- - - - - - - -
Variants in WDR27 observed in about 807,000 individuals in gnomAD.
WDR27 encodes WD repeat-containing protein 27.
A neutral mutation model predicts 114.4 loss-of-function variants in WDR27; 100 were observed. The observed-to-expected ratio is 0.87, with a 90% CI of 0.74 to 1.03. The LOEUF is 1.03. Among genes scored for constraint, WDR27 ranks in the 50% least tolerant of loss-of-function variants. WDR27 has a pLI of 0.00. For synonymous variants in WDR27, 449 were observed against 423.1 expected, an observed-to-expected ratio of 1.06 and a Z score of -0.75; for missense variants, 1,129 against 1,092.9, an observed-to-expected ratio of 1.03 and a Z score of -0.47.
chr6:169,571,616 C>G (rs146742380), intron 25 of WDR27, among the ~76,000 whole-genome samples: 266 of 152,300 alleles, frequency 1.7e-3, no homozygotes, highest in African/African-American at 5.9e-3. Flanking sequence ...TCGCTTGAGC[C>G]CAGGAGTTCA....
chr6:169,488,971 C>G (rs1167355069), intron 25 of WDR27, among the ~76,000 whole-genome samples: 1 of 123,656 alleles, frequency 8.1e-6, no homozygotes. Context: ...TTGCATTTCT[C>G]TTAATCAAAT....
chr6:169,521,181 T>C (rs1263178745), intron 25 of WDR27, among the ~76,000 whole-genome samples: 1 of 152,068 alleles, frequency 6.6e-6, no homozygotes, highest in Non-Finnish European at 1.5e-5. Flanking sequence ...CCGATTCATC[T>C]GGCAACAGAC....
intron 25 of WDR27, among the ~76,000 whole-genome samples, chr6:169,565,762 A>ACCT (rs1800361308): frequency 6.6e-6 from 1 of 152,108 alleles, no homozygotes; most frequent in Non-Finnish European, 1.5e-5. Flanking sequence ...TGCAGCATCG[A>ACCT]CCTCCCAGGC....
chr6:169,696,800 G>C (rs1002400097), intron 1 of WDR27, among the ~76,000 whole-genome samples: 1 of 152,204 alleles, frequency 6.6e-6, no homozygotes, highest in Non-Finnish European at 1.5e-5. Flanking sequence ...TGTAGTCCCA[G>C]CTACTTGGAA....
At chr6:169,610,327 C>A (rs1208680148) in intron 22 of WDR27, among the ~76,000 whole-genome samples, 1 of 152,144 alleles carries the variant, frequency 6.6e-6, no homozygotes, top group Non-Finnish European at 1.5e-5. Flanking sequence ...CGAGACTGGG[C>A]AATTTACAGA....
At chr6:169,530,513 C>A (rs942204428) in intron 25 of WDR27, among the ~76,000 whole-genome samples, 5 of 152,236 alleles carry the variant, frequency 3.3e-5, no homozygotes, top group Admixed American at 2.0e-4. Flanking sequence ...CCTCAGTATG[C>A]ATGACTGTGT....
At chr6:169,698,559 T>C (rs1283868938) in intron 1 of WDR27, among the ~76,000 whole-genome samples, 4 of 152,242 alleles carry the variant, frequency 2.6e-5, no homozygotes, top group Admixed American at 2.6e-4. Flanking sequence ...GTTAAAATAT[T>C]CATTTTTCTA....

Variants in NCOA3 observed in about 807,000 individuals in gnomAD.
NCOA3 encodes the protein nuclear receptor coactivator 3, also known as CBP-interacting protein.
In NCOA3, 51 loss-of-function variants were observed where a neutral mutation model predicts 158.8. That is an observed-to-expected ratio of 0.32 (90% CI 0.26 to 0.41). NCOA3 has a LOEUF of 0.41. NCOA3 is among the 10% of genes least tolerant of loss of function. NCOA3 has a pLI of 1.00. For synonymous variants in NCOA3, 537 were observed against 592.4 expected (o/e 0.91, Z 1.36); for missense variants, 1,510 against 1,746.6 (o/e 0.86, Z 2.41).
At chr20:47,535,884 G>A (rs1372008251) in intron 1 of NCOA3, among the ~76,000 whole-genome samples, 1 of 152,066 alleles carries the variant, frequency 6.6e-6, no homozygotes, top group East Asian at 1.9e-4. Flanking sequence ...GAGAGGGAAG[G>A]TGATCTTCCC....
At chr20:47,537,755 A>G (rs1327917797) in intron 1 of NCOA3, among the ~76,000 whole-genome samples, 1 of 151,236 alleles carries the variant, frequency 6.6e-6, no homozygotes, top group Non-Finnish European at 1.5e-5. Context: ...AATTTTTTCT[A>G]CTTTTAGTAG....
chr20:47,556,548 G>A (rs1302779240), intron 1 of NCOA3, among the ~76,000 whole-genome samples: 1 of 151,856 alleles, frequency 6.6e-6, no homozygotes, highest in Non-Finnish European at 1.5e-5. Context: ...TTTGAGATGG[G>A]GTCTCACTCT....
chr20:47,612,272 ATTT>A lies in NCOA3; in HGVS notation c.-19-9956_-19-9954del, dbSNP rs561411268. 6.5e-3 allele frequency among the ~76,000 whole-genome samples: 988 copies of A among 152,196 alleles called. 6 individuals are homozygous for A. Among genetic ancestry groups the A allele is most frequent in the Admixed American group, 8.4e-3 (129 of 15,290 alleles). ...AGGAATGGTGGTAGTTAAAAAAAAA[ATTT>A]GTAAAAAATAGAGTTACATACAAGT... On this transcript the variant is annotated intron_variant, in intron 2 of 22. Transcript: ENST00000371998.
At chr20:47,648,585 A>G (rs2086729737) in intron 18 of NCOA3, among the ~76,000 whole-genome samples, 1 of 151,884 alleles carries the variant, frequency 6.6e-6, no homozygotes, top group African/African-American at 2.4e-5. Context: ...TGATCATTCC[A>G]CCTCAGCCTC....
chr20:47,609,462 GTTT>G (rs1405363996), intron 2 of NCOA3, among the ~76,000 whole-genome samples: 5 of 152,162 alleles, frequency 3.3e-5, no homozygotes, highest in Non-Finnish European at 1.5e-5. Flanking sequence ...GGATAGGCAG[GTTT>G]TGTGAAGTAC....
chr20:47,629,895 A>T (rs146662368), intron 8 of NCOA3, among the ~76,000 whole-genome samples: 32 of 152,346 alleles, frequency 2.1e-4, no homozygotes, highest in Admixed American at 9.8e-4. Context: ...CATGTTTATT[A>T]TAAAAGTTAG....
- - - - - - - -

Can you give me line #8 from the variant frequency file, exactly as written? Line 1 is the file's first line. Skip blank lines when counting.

chr6:169,696,800 G>C (rs1002400097), intron 1 of WDR27, among the ~76,000 whole-genome samples: 1 of 152,204 alleles, frequency 6.6e-6, no homozygotes, highest in Non-Finnish European at 1.5e-5. Flanking sequence ...TGTAGTCCCA[G>C]CTACTTGGAA....